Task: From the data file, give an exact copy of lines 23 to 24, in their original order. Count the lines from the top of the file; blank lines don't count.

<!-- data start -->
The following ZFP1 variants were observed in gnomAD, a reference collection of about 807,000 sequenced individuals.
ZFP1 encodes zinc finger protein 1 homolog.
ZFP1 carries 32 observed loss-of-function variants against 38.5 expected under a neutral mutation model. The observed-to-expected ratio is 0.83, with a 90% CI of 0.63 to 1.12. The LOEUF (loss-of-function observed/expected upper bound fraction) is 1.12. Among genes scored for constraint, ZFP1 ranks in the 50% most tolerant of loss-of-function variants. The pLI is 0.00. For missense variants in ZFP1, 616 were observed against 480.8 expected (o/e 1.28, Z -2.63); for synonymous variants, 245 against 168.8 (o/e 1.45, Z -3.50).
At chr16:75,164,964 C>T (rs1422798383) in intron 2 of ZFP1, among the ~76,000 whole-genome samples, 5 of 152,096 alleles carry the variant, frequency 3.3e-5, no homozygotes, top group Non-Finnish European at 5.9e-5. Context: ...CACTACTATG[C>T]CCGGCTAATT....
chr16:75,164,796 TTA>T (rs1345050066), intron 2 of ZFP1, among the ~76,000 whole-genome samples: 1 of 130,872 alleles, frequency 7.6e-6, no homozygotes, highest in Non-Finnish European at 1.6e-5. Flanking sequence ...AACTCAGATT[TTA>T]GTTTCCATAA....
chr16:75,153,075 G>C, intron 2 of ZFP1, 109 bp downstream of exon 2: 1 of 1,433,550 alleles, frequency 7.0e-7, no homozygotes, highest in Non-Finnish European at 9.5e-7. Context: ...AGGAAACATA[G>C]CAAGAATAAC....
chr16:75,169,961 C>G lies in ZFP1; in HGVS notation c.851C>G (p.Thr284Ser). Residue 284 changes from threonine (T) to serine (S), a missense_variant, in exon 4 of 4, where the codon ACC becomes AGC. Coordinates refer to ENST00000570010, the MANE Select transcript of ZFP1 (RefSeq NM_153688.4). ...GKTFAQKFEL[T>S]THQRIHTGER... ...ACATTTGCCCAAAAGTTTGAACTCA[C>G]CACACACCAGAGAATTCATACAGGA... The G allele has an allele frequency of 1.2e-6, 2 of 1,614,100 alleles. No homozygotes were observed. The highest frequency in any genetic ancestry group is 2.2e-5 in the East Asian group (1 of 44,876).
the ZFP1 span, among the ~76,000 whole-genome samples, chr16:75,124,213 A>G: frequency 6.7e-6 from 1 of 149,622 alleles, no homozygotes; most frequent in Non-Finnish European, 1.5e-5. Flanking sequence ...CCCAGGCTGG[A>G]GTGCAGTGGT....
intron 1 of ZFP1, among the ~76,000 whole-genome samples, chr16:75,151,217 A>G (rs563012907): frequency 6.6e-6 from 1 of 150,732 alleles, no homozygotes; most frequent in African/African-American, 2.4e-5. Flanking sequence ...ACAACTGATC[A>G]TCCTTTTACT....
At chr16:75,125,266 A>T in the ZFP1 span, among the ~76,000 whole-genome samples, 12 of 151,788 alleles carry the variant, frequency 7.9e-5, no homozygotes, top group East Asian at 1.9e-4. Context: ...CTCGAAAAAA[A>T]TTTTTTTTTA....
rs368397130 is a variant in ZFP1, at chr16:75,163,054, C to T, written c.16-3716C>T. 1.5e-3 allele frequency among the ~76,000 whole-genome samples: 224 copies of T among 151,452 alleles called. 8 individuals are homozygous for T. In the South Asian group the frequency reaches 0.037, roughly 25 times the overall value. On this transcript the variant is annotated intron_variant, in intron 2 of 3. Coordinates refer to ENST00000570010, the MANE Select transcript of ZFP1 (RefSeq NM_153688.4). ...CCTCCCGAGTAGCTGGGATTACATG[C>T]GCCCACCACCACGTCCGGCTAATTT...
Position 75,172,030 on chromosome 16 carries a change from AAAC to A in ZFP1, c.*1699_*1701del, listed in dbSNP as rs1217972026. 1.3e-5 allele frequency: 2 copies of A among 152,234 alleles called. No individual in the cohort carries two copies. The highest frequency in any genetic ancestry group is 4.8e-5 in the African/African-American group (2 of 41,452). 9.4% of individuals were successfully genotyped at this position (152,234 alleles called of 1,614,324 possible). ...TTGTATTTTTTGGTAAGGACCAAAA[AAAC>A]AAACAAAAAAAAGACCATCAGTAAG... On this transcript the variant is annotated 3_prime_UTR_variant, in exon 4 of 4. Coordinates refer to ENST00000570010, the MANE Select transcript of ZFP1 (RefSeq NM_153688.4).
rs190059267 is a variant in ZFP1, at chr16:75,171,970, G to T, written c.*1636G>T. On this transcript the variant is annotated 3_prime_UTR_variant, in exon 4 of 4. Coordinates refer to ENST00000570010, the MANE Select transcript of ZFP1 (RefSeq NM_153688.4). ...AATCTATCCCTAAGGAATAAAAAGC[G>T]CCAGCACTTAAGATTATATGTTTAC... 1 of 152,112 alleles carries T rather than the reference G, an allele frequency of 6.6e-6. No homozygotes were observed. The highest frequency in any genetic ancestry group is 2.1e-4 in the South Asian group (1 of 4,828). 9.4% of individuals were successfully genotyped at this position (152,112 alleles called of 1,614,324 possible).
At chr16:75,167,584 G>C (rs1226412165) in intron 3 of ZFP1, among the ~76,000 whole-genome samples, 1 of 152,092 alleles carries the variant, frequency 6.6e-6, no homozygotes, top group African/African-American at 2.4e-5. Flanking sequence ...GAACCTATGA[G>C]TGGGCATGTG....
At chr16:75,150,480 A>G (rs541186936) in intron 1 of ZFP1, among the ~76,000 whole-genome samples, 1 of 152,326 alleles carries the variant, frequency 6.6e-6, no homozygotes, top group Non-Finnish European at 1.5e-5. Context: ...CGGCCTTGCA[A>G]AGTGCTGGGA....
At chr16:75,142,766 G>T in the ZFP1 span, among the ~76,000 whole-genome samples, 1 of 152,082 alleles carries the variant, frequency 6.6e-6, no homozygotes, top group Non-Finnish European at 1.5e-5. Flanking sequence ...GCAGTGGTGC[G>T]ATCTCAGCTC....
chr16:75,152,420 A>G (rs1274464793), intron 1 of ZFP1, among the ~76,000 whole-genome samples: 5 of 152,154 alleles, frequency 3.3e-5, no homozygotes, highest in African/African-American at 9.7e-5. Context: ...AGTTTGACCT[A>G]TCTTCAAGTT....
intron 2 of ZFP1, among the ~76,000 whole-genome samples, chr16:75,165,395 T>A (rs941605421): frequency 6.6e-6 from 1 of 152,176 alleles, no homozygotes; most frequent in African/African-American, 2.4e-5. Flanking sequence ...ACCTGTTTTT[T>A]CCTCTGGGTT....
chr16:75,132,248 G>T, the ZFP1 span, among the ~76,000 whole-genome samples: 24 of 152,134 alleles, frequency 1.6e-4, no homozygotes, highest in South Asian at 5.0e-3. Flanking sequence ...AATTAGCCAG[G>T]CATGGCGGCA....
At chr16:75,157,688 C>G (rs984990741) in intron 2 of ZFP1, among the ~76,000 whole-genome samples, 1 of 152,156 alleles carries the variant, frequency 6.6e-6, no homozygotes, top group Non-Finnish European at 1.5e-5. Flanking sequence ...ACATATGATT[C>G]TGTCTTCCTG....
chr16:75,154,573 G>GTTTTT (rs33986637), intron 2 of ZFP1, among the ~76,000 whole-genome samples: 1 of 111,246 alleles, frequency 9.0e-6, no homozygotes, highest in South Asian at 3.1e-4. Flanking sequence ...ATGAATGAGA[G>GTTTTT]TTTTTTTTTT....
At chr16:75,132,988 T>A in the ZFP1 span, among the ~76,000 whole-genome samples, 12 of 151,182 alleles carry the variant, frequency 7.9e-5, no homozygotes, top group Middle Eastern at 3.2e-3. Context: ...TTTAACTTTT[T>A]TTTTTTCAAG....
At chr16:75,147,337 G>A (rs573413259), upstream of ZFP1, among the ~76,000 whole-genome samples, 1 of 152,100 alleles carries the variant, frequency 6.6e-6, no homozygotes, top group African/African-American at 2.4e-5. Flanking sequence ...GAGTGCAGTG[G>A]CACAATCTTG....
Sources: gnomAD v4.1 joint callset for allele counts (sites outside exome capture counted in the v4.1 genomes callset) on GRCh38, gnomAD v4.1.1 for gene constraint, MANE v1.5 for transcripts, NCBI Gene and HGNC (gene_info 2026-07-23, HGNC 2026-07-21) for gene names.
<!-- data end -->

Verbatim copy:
At chr16:75,147,337 G>A (rs573413259), upstream of ZFP1, among the ~76,000 whole-genome samples, 1 of 152,100 alleles carries the variant, frequency 6.6e-6, no homozygotes, top group African/African-American at 2.4e-5. Flanking sequence ...GAGTGCAGTG[G>A]CACAATCTTG....
Sources: gnomAD v4.1 joint callset for allele counts (sites outside exome capture counted in the v4.1 genomes callset) on GRCh38, gnomAD v4.1.1 for gene constraint, MANE v1.5 for transcripts, NCBI Gene and HGNC (gene_info 2026-07-23, HGNC 2026-07-21) for gene names.